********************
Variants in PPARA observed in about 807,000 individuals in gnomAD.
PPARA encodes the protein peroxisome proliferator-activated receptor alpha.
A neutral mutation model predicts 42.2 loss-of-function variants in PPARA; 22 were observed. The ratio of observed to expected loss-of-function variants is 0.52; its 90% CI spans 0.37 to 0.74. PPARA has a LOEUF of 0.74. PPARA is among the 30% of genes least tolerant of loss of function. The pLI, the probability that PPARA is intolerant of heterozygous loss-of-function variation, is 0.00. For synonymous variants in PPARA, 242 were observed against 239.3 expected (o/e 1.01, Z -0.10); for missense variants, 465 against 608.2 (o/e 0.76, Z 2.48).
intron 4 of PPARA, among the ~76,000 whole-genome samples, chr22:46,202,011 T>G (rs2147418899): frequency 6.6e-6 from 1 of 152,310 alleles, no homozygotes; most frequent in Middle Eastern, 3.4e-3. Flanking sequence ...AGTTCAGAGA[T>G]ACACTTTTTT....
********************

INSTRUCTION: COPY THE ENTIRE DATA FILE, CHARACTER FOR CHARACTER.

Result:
Variants in PPARA observed in about 807,000 individuals in gnomAD.
PPARA encodes the protein peroxisome proliferator-activated receptor alpha.
A neutral mutation model predicts 42.2 loss-of-function variants in PPARA; 22 were observed. The ratio of observed to expected loss-of-function variants is 0.52; its 90% CI spans 0.37 to 0.74. PPARA has a LOEUF of 0.74. PPARA is among the 30% of genes least tolerant of loss of function. The pLI, the probability that PPARA is intolerant of heterozygous loss-of-function variation, is 0.00. For synonymous variants in PPARA, 242 were observed against 239.3 expected (o/e 1.01, Z -0.10); for missense variants, 465 against 608.2 (o/e 0.76, Z 2.48).
intron 4 of PPARA, among the ~76,000 whole-genome samples, chr22:46,202,011 T>G (rs2147418899): frequency 6.6e-6 from 1 of 152,310 alleles, no homozygotes; most frequent in Middle Eastern, 3.4e-3. Flanking sequence ...AGTTCAGAGA[T>G]ACACTTTTTT....